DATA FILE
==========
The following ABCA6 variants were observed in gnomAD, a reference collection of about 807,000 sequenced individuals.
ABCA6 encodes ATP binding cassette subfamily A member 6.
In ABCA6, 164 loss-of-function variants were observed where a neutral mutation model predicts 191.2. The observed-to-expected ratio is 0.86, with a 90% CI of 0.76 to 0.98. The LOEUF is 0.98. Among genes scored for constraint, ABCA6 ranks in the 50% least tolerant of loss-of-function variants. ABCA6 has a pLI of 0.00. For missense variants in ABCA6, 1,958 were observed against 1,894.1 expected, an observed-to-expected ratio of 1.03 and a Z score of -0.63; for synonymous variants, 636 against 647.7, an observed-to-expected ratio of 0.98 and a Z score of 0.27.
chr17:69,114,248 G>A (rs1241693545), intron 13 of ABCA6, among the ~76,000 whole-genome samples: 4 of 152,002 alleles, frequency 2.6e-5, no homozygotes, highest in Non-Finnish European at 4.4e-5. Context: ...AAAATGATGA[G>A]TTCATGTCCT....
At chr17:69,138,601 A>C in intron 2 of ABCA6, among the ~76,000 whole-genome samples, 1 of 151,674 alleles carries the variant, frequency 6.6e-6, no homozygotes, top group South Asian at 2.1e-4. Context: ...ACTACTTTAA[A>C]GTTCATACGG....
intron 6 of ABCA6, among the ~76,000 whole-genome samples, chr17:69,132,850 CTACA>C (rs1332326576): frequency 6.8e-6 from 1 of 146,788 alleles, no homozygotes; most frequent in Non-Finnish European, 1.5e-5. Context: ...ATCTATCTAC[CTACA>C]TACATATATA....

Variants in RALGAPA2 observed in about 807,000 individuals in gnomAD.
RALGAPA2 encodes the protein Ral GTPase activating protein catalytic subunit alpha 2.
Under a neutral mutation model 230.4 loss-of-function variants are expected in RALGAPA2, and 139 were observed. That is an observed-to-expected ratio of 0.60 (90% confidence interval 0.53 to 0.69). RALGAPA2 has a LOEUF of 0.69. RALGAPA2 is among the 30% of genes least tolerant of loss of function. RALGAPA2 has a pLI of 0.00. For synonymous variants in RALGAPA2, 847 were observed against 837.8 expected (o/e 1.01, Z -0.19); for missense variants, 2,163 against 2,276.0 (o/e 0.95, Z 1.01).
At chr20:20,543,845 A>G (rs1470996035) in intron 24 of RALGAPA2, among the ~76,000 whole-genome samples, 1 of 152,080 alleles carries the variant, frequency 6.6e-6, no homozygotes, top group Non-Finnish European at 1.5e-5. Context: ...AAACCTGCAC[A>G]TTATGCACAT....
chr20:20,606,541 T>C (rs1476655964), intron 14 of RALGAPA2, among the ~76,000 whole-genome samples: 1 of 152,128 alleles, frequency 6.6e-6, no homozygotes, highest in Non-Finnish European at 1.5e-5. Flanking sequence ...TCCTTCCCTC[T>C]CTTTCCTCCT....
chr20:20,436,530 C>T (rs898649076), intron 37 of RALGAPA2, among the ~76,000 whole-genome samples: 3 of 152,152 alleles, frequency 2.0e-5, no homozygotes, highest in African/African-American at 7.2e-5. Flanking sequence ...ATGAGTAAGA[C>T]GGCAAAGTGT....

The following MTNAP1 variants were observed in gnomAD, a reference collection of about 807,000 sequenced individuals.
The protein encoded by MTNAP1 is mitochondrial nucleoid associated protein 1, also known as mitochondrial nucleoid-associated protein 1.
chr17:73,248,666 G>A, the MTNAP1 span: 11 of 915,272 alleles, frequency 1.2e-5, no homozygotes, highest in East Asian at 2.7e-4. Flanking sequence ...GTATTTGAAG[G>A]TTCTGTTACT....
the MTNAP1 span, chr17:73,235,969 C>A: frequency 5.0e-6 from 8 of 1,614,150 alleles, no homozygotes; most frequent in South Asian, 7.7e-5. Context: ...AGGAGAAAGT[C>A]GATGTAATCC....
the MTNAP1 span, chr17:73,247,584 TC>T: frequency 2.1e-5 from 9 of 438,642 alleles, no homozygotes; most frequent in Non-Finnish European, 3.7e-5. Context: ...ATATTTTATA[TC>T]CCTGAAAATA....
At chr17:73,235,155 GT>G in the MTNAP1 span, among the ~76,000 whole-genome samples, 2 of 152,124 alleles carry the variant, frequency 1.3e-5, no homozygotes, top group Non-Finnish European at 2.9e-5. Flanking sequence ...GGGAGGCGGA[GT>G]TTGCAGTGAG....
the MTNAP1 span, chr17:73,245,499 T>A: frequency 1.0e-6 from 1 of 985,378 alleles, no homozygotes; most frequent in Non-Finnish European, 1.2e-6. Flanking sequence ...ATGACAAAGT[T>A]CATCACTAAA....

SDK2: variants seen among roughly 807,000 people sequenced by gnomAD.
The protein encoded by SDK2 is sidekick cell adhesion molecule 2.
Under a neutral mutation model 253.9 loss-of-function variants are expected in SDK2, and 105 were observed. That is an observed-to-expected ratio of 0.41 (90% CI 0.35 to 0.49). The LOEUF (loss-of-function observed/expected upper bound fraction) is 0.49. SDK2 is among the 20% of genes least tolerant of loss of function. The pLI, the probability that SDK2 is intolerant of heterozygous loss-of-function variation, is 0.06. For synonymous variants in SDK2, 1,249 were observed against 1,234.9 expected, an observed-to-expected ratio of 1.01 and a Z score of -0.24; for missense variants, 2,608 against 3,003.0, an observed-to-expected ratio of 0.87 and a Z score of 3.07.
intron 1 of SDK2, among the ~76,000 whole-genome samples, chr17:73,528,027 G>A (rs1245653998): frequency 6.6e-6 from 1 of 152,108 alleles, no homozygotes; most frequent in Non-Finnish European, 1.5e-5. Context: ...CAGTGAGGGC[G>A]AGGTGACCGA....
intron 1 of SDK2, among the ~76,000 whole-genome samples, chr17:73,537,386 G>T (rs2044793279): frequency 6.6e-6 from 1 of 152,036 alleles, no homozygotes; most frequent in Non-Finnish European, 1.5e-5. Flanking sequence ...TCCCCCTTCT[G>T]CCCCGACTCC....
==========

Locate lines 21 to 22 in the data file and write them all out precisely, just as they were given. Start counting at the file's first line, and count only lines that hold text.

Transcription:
The protein encoded by SDK2 is sidekick cell adhesion molecule 2.
Under a neutral mutation model 253.9 loss-of-function variants are expected in SDK2, and 105 were observed. That is an observed-to-expected ratio of 0.41 (90% CI 0.35 to 0.49). The LOEUF (loss-of-function observed/expected upper bound fraction) is 0.49. SDK2 is among the 20% of genes least tolerant of loss of function. The pLI, the probability that SDK2 is intolerant of heterozygous loss-of-function variation, is 0.06. For synonymous variants in SDK2, 1,249 were observed against 1,234.9 expected, an observed-to-expected ratio of 1.01 and a Z score of -0.24; for missense variants, 2,608 against 3,003.0, an observed-to-expected ratio of 0.87 and a Z score of 3.07.